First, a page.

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The Storytelling Classroom Applications Across the Curriculum by Sherry Norfolk

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Published by Libraries Unlimited .
Written in English

Subjects:

  • Library & Information Sciences,
  • Schools,
  • United States,
  • Folklore & Mythology - Storytelling,
  • Curricula,
  • Education,
  • Education / Teaching,
  • Teaching Methods & Materials - General,
  • Teaching,
  • Standards,
  • Language Arts & Disciplines / Library & Information Science,
  • Aids and devices,
  • Storytelling

Book details:

The Physical Object
FormatPaperback
Number of Pages232
ID Numbers
Open LibraryOL9866382M
ISBN 101591583055
ISBN 109781591583059
OCLC/WorldCa70883220

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  Literacy Development in the Storytelling Classroom shows just how powerful a tool storytelling can be for building vital language skills—not just reading and writing, but speaking, listening, visual literacy, and information literacy as well. It is an exceptionally rich and rewarding resource that helps teachers and tellers work together to 5/5(1). Educational Web site, designed for teachers, librarians, and students,explores the use of storytelling in the classroom to enhance speaking, listening, reading and writing skills.   Storytelling is the oldest form of teaching. It bonded the early human communities, giving children the answers to the biggest questions of creation, life, and the afterlife. Stories define us, shape us, control us, and make us. Not every human culture in the world is literate, but every single culture tells stories. Book Creator is a powerful tool for digital storytelling lesson integration. I hosted a webinar for the Book Creator team this summer to share lots of classroom ideas. In this post, you’ll find a link to the webinar recording so you can watch the online event on your own time.

The SAG-AFTRA Foundation’s Daytime Emmy nominated, Storyline Online, features celebrated actors including Viola Davis, Kristen Bell, Chris Pine, Lily Tomlin, Wanda Sykes, Kevin Costner, James Earl Jones, Betty White and more reading children’s books to inspire a love of reading in millions of children worldwide.   The Storytelling Classroom Applications Across the Curriculum. by Sherry Norfolk, Jane Stenson, Diane Williams. Consisting of a series of essays written by storytellers who work in the classroom, as well as teachers who use storytelling in the classroom, this title addresses specific curriculum areas, and includes practical, easily replicable lesson plans. Exercise your students’ creative and verbal skills with an engaging storytelling activity. This blog presents a variety of ideas for classroom exercises, suited for high school students of English, Journalism, Marketing, History, Social Studies and even Art or Music. Without the book as a barrier, the teller looks directly into the eyes of the audience and is free to use ges-tures, facial expression, and body movements to enhance the telling and to help listeners understand the story better. Storytellers don’t hide behind The Power of Storytelling in the Classroom. 1.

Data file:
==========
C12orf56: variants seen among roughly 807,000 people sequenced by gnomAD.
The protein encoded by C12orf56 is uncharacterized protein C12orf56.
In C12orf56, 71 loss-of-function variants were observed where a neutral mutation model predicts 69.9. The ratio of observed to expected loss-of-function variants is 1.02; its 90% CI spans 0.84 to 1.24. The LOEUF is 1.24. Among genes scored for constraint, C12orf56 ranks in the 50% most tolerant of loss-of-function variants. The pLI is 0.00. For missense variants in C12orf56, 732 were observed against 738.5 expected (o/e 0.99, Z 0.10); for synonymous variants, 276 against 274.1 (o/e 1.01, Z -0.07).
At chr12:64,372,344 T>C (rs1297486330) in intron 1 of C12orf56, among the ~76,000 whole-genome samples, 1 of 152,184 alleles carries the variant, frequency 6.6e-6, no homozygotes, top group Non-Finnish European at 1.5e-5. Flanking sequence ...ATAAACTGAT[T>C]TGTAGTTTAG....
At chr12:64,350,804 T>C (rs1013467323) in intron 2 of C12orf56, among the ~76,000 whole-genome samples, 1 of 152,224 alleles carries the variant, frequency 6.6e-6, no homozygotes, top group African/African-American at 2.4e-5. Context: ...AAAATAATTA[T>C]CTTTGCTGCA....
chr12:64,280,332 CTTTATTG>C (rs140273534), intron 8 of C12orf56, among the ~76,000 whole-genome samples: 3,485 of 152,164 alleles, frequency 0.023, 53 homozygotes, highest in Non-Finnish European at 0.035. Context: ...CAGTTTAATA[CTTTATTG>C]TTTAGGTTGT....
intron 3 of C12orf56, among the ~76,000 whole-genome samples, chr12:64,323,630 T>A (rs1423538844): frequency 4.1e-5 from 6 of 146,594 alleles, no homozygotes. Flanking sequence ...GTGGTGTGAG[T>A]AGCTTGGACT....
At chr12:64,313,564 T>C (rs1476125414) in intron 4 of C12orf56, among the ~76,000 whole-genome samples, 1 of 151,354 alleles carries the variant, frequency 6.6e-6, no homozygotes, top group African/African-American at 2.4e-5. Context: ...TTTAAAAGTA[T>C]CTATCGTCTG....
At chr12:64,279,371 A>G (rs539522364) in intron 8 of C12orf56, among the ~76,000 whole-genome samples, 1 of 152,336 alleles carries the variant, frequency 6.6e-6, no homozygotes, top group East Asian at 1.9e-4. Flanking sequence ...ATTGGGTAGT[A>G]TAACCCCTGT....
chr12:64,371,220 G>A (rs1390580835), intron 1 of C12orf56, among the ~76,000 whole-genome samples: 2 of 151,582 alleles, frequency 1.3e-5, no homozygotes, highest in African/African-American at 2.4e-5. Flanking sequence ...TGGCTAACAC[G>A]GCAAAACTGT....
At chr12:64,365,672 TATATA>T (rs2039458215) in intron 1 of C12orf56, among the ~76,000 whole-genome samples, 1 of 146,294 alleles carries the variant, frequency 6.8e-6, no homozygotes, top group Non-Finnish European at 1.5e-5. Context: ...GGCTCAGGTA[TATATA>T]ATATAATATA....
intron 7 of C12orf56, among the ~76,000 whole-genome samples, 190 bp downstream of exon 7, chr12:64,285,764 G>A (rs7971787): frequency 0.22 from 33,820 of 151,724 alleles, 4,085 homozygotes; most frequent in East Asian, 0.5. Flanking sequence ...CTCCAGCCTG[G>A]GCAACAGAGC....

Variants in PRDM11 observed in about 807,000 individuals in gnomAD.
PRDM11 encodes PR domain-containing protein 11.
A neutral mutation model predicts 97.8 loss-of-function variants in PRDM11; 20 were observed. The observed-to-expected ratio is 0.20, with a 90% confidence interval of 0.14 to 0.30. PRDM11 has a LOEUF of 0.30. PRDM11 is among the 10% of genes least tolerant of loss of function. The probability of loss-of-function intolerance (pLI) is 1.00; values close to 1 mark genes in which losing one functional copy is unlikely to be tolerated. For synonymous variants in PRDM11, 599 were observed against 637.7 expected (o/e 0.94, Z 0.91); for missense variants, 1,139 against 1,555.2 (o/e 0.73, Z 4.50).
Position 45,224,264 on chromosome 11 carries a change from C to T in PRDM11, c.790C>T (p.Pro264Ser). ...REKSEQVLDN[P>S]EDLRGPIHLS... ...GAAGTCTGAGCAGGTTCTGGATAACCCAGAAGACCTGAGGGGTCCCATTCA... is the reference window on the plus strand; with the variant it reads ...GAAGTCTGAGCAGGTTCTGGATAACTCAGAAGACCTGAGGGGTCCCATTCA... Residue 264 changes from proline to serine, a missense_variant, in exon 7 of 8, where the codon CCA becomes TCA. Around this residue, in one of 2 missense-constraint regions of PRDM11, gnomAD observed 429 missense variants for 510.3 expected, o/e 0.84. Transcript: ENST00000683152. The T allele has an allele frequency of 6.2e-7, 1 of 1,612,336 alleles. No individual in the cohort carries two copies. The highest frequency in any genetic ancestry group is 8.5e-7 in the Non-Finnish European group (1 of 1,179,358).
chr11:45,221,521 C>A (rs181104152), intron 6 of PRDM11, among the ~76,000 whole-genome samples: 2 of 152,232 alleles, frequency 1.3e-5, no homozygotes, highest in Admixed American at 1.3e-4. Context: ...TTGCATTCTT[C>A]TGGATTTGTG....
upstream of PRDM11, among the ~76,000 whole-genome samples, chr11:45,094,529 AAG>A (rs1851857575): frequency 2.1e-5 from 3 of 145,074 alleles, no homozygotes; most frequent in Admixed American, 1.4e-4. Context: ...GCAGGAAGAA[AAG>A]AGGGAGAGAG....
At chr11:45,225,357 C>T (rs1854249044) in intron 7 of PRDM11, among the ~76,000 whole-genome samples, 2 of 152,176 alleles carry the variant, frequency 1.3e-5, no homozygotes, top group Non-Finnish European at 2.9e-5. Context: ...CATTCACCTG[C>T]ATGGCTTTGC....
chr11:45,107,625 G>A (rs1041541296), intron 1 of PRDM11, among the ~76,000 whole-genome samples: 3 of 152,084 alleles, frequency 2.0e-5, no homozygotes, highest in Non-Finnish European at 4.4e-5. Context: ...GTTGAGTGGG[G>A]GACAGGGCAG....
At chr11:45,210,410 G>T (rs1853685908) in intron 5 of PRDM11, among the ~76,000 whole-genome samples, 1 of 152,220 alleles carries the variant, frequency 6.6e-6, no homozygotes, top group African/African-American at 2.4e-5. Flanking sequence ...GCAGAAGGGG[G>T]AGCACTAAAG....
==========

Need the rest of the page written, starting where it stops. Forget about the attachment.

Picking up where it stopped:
Storytelling in the Classroom Concepts and Activities. by Heather Forest. Without showing them the book's illustrations, discuss the pictures students saw in their imagination. Then compare and discuss the illustrator's vision of the tale as the book's pictures are shown.   Storytelling in the Classroom. Storytelling could be one of the most underused tools in education. Here are some powerful benefits of storytelling: Connections between the past, present, and future are formed. Understandings about the . Digital Storytelling is the process of telling a story through digital means. Also, it happens to be one the easiest ways to integrate technology into the classroom. Educators can use digital storytelling with almost any subject and can even "flip" their classroom by using mobile : David Kapuler. Storytelling puts the whole brain to work. It supports creativity, empathy, sequencing and story structure knowledge. Pictures in books help with visual literacy skills, improving vocabulary, and overall comprehension. Head Start Goal P-LC 5. Child expresses self in increasingly long, detailed, and sophisticated ways. Goal P-LC 6.